Record Setting 2013-14 Winter

March 27, 2014 // Article by: Rob Reale

Despite the last storm mainly only bringing snow to the Mid-Atlantic and extreme coastal areas, this winter will still be engraved in the record books. While the entire Northeast - and majority of the entire eastern half of the US for that matter - is above average in terms of snowfall, the departures are particularly high through New Jersey, New York, and Pennsylvania...where snowfall is 20 - 40 inches above normal! This can be seen in the image above. That figure is enough to rank in the top 5 snowiest winters all-time for many. If you take a closer look at the chart below, the winter of 2013-2014 now ranks #2 all time for both Islip, NY and Philadelphia, with Allentown, PA now rising to #3 all time. That raises the question, "Is there a chance we get that one last late March or April storm?" We'll discuss the possibility below.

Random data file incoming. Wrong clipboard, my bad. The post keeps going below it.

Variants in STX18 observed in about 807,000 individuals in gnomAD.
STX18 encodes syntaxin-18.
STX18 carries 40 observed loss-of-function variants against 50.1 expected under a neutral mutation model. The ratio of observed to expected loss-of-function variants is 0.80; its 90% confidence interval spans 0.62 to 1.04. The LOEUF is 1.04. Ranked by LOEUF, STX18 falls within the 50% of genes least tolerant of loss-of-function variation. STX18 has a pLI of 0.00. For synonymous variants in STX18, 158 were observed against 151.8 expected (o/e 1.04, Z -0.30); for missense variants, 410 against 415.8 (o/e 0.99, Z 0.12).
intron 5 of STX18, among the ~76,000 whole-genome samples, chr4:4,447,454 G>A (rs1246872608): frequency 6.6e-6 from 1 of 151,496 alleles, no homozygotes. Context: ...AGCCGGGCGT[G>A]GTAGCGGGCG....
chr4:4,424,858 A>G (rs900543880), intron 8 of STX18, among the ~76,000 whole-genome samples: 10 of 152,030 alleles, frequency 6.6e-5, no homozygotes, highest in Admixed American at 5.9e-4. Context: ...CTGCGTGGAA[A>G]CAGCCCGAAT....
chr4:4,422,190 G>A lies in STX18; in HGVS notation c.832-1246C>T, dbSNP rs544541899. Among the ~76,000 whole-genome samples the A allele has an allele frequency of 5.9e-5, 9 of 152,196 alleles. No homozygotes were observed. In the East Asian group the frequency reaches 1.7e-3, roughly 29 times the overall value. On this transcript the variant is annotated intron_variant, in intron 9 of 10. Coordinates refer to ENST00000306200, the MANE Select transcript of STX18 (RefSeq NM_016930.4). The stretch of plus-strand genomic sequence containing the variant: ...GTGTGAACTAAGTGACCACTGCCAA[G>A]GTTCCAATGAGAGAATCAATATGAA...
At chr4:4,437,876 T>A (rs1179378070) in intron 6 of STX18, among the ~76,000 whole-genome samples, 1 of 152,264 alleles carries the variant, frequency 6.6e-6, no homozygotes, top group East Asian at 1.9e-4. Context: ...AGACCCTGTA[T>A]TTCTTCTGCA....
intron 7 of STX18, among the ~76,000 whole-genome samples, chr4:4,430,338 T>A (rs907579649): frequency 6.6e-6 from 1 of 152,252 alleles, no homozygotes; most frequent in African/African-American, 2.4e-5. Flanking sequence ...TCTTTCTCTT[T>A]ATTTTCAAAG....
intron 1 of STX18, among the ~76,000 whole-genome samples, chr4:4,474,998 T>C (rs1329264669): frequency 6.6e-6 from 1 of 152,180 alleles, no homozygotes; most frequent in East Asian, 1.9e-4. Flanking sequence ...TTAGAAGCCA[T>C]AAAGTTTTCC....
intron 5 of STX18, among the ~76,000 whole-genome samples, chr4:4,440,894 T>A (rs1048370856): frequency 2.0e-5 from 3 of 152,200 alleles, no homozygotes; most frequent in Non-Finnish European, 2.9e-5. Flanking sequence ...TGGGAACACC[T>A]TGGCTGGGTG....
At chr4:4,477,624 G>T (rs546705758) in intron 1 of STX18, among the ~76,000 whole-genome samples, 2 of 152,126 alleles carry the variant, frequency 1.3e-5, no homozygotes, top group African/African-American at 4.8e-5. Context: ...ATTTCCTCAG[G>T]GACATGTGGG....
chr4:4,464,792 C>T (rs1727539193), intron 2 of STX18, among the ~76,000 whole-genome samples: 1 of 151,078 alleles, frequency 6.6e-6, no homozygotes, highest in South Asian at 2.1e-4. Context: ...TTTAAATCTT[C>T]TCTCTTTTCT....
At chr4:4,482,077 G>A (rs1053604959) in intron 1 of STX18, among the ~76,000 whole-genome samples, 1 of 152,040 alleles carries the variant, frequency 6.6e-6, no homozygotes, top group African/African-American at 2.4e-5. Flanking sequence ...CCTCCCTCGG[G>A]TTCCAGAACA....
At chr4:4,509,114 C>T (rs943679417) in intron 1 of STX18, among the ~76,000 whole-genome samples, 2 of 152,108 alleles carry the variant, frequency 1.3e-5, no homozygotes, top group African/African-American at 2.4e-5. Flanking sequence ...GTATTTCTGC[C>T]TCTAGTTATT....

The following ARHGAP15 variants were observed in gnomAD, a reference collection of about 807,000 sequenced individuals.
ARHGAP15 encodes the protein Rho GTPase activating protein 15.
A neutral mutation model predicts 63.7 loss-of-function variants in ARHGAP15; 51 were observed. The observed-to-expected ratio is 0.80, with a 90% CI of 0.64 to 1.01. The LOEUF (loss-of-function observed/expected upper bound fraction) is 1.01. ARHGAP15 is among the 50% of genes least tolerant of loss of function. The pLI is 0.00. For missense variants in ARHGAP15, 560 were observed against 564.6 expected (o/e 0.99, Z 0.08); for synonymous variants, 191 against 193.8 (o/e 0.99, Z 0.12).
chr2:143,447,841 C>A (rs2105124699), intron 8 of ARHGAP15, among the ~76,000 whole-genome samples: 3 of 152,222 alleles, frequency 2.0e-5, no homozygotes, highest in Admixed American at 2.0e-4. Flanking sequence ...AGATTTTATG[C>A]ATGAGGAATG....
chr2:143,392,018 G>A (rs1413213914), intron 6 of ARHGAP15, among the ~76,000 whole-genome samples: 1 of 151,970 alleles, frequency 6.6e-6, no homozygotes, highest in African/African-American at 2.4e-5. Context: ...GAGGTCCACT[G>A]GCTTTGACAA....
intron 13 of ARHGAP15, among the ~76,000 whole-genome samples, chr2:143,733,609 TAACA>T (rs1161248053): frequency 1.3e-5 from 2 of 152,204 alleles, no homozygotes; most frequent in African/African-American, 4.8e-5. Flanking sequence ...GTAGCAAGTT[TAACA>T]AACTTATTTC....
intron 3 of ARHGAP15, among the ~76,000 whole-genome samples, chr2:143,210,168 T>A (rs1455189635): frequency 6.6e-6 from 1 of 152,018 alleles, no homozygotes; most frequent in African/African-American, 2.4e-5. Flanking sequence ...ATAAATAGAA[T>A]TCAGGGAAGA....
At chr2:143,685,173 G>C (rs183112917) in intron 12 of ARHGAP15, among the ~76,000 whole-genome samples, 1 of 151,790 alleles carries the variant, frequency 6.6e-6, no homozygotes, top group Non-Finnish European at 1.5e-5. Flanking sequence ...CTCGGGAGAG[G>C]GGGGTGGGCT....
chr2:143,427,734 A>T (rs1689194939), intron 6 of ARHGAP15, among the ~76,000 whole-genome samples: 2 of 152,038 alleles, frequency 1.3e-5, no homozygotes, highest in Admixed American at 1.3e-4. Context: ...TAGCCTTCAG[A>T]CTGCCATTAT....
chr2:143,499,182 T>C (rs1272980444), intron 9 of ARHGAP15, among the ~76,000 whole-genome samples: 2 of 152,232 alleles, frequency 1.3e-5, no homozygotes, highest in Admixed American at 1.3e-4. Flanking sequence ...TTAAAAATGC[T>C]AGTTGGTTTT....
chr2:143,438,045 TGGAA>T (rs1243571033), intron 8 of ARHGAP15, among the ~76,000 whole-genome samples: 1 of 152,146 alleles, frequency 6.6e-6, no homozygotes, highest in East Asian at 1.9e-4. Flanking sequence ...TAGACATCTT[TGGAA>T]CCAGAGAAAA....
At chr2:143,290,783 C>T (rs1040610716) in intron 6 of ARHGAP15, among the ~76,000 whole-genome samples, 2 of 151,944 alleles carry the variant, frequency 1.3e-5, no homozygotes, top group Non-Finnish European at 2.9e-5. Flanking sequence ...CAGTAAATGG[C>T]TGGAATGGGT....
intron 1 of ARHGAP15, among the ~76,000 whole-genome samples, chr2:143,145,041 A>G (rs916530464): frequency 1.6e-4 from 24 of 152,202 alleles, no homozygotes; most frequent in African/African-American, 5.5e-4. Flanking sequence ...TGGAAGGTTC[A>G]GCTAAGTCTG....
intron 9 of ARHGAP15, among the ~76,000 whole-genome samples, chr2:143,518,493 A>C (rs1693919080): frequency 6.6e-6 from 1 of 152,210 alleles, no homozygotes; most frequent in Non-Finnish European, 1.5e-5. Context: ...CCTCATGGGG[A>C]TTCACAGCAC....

The last few days of March and April typically do not average very much, if any snowfall for the above locations. In fact for the month of April Philadelphia only averages 0.6", Allentown 0.8", and Central Park 0.6" of snow. With these averages in mind you can see that it is rather unlikely any of the locations above will move into that coveted #1 spot for the 2013-2014 season. However, getting a few inches of snow in April is not completely unheard of. The greatest monthly snowfall for Central Park in April was 13.5" back in 1874-75...the last time Central Park saw measurable snow in April was 2006, when 0.1" fell, and as recently as 2003, 4.0" of snow was recorded in April. So what are the prospects for the rest of this season? Well we have a storm system that will move through bringing plenty of rain this weekend, but any snow is looking unlikely for these locations. We may need to keep an eye on the April 4th - 11th period as conditions look to turn cooler and more unsettled, which could include a low chance for snow. After this, heading into mid and late April snow becomes exceedingly rare and we are not seeing any strong signs for snow after this point.